Op-Ed

Khan family’s act of resistance against Trump a lesson for all Americans

Father of fallen Muslim American war hero blasts Trump at DNC

Khizr Khan, the father of fallen U.S. Army Captain Humayun Khan, asked Donald Trump, "have you even read the United States Constitution?" while addressing the crowd on the last night of the Democratic National Convention.
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Khizr Khan, the father of fallen U.S. Army Captain Humayun Khan, asked Donald Trump, "have you even read the United States Constitution?" while addressing the crowd on the last night of the Democratic National Convention.

There’s a certain feel of justice when we witness an aggrieved party, who has been treated with less human dignity than he deserves, rather than cower confronts the oppressor. It’s even sweeter justice when such defiance was decisive in halting, or helping alleviate, the injustice. We may be witnessing such a pivotal event in the ongoing presidential politics, post-Democratic National Convention.

How much easier is it as human beings, when faced with dehumanization by supposedly larger more powerful forces, to take flight, to seek cover and nurse our wounded pride and repair our broken self-worth?

History suggests that a sublime form of courage is the act of simple resistance to assert one’s being, one’s very existence against a tyrannical force that would rather have the “defiant one” diminished or disappeared.

Thus, we celebrate Malala Yousafzai when, through her simple act of going to school, she refuses to be cowered by the Taliban’s deviant interpretation of Islamic texts that reduces women to sub-human status.

Martin Luther King Jr.’s earned iconic status is the result of a life spent working to dismantle a system of dehumanization that was Jim Crow, as is Gandhi’s based on his valiant struggle against the British Empire’s excesses against his people. And so with Nelson Mandela pushing back fearless against the stifling apartheid juggernaut.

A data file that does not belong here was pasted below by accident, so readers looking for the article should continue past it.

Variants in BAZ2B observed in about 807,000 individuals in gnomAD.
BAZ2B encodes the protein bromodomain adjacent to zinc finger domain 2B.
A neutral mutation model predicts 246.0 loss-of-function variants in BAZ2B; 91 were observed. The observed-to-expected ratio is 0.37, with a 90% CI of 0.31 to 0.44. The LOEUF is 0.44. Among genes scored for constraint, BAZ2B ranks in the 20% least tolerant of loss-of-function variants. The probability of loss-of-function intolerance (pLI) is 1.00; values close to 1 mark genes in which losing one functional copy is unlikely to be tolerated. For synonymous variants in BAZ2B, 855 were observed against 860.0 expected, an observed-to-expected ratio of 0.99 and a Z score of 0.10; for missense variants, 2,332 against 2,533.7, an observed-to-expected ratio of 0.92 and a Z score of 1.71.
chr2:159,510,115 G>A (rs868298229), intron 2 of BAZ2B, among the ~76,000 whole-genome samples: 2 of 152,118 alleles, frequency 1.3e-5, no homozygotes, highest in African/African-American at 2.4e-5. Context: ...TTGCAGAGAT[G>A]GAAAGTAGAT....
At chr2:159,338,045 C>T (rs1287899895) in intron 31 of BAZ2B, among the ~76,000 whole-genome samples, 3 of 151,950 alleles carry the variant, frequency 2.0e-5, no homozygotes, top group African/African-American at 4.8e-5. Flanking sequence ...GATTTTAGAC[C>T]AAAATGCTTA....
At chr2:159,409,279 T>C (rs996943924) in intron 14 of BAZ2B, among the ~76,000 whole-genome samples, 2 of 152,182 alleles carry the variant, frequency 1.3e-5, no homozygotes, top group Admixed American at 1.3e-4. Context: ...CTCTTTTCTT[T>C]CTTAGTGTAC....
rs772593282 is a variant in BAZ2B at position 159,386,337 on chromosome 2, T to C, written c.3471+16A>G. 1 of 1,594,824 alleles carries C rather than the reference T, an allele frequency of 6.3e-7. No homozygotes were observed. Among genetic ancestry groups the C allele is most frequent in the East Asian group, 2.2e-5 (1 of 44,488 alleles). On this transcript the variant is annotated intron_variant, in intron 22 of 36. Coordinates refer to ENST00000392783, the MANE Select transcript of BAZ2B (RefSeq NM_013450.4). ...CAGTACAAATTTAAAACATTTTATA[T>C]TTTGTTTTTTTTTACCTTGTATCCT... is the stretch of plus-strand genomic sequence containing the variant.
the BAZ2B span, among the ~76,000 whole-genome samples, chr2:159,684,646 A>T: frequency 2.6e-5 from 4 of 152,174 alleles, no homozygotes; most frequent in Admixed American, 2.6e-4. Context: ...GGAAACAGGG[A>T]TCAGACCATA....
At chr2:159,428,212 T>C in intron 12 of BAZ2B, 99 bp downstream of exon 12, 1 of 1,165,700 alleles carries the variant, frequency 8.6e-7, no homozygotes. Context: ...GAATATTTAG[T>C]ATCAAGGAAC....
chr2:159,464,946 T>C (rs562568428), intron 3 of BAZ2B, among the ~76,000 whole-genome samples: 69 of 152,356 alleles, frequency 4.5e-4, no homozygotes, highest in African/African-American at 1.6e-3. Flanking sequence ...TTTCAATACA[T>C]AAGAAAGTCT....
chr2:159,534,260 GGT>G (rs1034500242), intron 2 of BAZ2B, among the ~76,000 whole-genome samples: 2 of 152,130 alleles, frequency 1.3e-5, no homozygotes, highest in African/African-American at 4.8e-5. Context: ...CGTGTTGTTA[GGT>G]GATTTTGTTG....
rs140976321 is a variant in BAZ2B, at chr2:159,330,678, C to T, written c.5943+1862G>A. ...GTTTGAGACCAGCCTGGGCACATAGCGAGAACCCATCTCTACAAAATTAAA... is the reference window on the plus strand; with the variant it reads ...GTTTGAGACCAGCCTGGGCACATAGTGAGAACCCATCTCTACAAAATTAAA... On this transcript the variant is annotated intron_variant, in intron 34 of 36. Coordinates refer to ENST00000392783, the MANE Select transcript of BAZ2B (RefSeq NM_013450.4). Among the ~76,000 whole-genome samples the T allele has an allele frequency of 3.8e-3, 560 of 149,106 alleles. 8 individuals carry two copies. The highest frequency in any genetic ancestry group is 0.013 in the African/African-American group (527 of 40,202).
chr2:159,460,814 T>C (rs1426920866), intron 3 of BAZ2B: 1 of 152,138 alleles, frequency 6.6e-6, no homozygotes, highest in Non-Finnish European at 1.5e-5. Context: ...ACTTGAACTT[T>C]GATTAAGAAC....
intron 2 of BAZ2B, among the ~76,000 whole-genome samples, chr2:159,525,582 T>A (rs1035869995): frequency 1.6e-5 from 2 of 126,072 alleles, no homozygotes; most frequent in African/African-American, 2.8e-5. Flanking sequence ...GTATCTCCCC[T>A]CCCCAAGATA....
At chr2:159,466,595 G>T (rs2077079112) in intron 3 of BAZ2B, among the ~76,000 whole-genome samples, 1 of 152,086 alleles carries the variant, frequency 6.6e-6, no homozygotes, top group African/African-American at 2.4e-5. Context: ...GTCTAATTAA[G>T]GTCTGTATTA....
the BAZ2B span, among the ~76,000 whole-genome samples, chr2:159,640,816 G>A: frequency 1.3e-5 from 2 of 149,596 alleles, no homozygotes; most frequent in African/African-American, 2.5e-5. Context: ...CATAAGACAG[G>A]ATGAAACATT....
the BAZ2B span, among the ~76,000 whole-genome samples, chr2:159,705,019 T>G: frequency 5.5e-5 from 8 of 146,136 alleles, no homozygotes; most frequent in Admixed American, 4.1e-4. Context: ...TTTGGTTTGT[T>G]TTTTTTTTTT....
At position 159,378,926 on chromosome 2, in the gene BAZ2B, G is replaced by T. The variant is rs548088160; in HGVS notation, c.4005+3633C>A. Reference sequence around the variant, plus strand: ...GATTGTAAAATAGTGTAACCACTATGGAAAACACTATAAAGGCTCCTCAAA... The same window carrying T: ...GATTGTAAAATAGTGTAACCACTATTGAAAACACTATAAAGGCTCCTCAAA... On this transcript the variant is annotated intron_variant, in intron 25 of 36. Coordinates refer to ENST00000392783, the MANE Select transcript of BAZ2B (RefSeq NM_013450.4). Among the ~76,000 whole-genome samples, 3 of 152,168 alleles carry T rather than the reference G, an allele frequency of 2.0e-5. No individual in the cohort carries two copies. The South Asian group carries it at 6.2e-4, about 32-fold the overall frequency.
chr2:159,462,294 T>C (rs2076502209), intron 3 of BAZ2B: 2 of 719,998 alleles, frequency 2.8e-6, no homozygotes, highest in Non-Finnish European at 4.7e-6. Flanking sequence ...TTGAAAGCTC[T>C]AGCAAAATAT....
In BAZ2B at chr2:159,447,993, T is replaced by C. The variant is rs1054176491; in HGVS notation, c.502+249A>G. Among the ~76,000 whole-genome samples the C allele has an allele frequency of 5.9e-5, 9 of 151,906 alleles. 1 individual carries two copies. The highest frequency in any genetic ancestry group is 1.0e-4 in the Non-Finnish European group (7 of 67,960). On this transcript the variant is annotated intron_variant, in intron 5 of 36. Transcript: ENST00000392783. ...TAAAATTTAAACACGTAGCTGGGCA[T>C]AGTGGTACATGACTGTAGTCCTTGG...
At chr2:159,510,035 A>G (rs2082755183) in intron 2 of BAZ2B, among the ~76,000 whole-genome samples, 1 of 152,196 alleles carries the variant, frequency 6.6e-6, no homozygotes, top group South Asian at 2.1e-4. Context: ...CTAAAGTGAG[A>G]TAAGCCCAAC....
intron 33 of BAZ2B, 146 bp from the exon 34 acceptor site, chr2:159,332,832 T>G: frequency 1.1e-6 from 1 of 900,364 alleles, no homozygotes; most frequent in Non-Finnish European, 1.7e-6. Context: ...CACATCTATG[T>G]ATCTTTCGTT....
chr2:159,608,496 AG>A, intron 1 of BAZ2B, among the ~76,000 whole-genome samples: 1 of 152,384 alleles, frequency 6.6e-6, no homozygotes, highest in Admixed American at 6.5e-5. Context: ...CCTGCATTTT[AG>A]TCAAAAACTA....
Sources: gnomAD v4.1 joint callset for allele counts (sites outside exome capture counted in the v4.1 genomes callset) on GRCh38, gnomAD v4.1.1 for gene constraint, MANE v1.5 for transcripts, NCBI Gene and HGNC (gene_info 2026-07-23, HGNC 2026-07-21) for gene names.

Going further back in history, we find resistance to tyranny in scriptural texts many of us hold dear. Prominently, the Judeo-Christian-Islamic traditions recognize, and are inspired by, the story of Moses’ act of brave resistance against the mighty yet unjust sovereign the Pharaoh represented.

Witness then the past few days when a Gold Star American family not only spoke out courageously against the bigoted policy pronouncements of a pompous presidential candidate, but also subsequently stood up to his crassness and bullying with principled firmness and stoic grace. One cannot but be reminded of the historic power of the voice and resistance in righting so many past wrongs.

For over 15 months now, this particular presidential candidate has channeled his extraordinarily privileged voice not to promote our common values but to serially disparage, delegitimize and dehumanize a large cross-section of America’s uniquely rich diversity: immigrants, women, Muslims, people with a disability, critics and minority ethnicities.

A billionaire businessman, who enjoys uncommon access and status, he seeks to ascend to the highest office in the land, to be the most powerful man on Earth, using a platform that renders – as evident in his reckless rhetoric and policy pronouncements – a significant chunk of the citizenry he seeks to lead as somehow less human than himself or his family and, by extension, less deserving of basic constitutionally protected human rights and dignity.

In the Khan family’s courageous act of resistance lies a lesson for us all as Americans: Against those who seek to deal us less than our full human dignity, against those – whether power structures or power-seeking individuals – who would strip us of our humanity and curtail our God-bestowed rights, against those who would relegate us to a lower tier, resistance is not only the right response, but it also puts you in great historical company.

I am an immigrant, a Muslim and an African-American. That’s three strikes (at least) against me in the dark America of a certain presidential aspirant.

Thankfully, the Khans this week – and the decency and kindness of the multitudes who stood with them – reminded me of a sunnier, brighter America I and many fell in love with. I’m also reminded of two simple but potent counter-oppression measures at my disposal: my vote and my voice! The power of either cannot be underestimated. Indeed, for most of us, it’s the least act of resistance, the bare minimum we can put up.

Sheriff Drammeh of Raleigh is program associate at the Sonja H Stone Center for Black Culture and History, UNC-Chapel Hill. The views expressed are his alone.

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